Review: Harry Styles brings fans home with ‘Harry’s House’

Kiara Zabala, Opinion Editor

With the teasing Harry Styles gave his fans leading up to the release of his third solo studio album, the world was anxiously awaiting for what would come from the British pop star. On May 20, people all around the globe bolted to their phones as they woke up or some, like myself, stayed up until midnight to be one of the first to hear the album we all had been waiting for what seemed like forever for.
“Harry’s House” starts off with “Music For a Sushi Restaurant”, which is a typically upbeat song one can expect from Styles. When listening to this song, it gives the listener an impression that the entirety of this album will come as follows. However, this is not the case as he tends to take a step away from the stereotypical pop sound we usually can expect from pop stars.

Screenshot from “Late Night Talking” music video.

Harry Styles is anything but predictable.
“Late Night Talking” is the second song on this album. Although fans already knew the lyrics to this song since Styles performed it prior to the album release, listeners were still beyond thrilled to hear a clear version of this song. This song in question has a happy musical sense to it, but upon listening to the lyrics, listeners will see that this song is not as happy as the melody. This is far from one of his sad songs on this album, however the feeling of longing hidden within the lyrics is there. Styles sings, “But I’d follow you to any place,” clearly not caring if he must chase this person to the ends of the Earth. We also get a very similar vibe of a happy song with a longing undertone in his single from the album, “As It Was”.
As I stated prior, Styles does have sad songs on the album. Songs such as “Little Freak”, “Matilda”, “Boyfriends”, and “Love of My Life”, all had me reaching up to wipe the tears from my eyes when I first listened to them.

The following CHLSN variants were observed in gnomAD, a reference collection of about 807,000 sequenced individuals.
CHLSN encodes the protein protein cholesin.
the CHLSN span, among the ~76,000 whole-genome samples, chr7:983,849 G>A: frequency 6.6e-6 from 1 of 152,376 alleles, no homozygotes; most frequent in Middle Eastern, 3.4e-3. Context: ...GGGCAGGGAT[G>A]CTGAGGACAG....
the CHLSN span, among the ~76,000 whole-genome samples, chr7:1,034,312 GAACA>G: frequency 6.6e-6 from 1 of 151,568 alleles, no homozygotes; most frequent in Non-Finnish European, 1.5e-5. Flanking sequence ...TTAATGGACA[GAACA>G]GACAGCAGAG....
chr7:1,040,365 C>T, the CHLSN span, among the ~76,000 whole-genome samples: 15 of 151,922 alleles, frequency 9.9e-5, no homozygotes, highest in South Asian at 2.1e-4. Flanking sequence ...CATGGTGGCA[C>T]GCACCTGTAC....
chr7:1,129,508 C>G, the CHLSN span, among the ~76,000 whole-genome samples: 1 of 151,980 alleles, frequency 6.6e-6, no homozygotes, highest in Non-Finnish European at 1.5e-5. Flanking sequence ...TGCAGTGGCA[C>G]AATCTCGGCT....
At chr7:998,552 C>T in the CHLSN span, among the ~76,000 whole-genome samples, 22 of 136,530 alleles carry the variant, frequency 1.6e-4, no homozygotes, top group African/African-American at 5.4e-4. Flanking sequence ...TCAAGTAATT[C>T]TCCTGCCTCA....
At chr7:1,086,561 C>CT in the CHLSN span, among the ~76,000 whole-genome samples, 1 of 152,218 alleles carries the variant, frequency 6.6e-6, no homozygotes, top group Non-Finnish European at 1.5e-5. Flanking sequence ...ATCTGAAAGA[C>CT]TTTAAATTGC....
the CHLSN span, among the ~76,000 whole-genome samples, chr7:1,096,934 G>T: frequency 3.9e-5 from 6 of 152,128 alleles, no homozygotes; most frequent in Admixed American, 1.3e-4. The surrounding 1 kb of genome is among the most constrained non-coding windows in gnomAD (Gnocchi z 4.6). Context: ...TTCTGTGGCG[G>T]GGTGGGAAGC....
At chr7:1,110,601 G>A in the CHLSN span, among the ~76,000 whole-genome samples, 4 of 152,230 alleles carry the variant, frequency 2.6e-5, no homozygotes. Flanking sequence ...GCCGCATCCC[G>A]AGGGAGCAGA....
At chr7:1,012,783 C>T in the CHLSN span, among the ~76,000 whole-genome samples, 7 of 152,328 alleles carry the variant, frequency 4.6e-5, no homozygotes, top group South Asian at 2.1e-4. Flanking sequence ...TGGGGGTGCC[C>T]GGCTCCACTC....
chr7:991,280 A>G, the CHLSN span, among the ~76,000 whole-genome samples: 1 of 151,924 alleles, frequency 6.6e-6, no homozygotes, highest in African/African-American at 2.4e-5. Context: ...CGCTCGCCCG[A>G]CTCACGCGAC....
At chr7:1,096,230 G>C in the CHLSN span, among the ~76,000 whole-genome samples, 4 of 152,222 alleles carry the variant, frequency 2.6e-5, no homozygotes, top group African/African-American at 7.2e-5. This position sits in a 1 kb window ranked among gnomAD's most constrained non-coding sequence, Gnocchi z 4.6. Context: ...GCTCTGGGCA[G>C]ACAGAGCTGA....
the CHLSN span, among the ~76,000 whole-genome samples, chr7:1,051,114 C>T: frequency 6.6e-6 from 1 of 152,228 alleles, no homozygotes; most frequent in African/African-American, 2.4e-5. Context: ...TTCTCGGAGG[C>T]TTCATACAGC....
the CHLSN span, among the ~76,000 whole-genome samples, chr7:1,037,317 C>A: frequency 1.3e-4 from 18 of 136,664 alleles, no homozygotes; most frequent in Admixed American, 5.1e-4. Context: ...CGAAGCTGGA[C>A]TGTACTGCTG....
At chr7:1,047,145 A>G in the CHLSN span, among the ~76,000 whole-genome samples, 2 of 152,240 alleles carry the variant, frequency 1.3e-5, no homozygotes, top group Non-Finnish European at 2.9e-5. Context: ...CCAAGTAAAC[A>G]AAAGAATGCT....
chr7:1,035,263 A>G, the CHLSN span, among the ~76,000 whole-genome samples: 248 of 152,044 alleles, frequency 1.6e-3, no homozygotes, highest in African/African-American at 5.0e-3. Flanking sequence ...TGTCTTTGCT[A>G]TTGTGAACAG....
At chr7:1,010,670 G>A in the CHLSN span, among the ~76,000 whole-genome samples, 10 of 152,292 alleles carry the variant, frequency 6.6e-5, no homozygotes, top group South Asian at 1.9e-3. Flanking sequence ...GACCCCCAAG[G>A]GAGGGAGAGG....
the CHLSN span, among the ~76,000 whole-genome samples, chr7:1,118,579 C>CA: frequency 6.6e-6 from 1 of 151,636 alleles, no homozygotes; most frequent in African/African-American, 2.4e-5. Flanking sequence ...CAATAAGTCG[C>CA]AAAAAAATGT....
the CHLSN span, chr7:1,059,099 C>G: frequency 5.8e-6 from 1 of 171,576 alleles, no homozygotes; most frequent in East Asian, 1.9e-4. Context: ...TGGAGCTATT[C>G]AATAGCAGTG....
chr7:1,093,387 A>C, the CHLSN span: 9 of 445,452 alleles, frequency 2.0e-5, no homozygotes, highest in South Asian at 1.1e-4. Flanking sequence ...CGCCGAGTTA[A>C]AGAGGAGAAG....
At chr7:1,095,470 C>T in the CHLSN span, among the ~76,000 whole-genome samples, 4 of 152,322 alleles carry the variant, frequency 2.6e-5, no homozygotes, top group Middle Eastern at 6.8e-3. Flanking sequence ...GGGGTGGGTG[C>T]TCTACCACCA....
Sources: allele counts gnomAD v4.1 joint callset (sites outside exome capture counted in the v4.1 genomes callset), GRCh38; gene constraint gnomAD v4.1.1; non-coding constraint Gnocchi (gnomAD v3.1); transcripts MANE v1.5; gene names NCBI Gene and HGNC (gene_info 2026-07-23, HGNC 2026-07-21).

“Little Freak” is a song where, once again, we see Styles longing for a person. Only this time, it seems he is longing for the wrong person. With my favorite line as follows, “You never saw my birthmark,” he writes of a person who never took the time to learn something as simple as a birthmark. Something so permanent, yet this person he clearly cares for never took the time to get to really know him.
Styles really tore out fans hearts with track 7, “Matilda”. This song is about not feeling as if the family you were raised into truly cared for you. Styles sings, “You don’t have to be sorry for leaving and growing up,” which is a beautiful sentiment of not feeling bad about outgrowing your family. One thing I feel that people do not understand is that it is okay to outgrow people, even if they are your own family. But family is not always blood. He backs up my point with the lyrics, “You can start a family who will always show you love.”
All 13 songs were very well crafted. You can tell that with every album this man releases, every single one becomes more vulnerable than the last. “Harry’s House” was by far the most hard-hitting of all his albums to date. I would love to go into a five page essay on each song, but I suggest you go listen to the album yourself and form your own thoughts on Styles’ third album.
After hearing all these songs, I now will count down the days until I get to listen to them live in October as Harry Styles performs “Harry’s House” and brings us all home with open arms.